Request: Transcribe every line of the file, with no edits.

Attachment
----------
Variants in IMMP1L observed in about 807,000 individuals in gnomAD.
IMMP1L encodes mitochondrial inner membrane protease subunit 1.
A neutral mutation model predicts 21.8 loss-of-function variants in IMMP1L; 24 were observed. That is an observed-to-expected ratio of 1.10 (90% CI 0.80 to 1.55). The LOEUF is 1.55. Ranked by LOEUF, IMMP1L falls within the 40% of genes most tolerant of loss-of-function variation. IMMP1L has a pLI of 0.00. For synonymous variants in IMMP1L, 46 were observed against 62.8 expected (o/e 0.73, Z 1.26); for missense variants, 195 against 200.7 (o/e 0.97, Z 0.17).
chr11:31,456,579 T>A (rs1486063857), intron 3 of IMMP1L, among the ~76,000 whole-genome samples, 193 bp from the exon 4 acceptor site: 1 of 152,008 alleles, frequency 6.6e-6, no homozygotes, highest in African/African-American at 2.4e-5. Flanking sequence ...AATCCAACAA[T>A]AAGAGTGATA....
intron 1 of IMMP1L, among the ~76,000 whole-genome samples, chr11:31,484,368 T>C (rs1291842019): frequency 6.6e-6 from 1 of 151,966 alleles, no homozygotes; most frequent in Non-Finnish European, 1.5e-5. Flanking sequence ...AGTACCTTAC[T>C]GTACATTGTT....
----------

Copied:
Variants in IMMP1L observed in about 807,000 individuals in gnomAD.
IMMP1L encodes mitochondrial inner membrane protease subunit 1.
A neutral mutation model predicts 21.8 loss-of-function variants in IMMP1L; 24 were observed. That is an observed-to-expected ratio of 1.10 (90% CI 0.80 to 1.55). The LOEUF is 1.55. Ranked by LOEUF, IMMP1L falls within the 40% of genes most tolerant of loss-of-function variation. IMMP1L has a pLI of 0.00. For synonymous variants in IMMP1L, 46 were observed against 62.8 expected (o/e 0.73, Z 1.26); for missense variants, 195 against 200.7 (o/e 0.97, Z 0.17).
chr11:31,456,579 T>A (rs1486063857), intron 3 of IMMP1L, among the ~76,000 whole-genome samples, 193 bp from the exon 4 acceptor site: 1 of 152,008 alleles, frequency 6.6e-6, no homozygotes, highest in African/African-American at 2.4e-5. Flanking sequence ...AATCCAACAA[T>A]AAGAGTGATA....
intron 1 of IMMP1L, among the ~76,000 whole-genome samples, chr11:31,484,368 T>C (rs1291842019): frequency 6.6e-6 from 1 of 151,966 alleles, no homozygotes; most frequent in Non-Finnish European, 1.5e-5. Flanking sequence ...AGTACCTTAC[T>C]GTACATTGTT....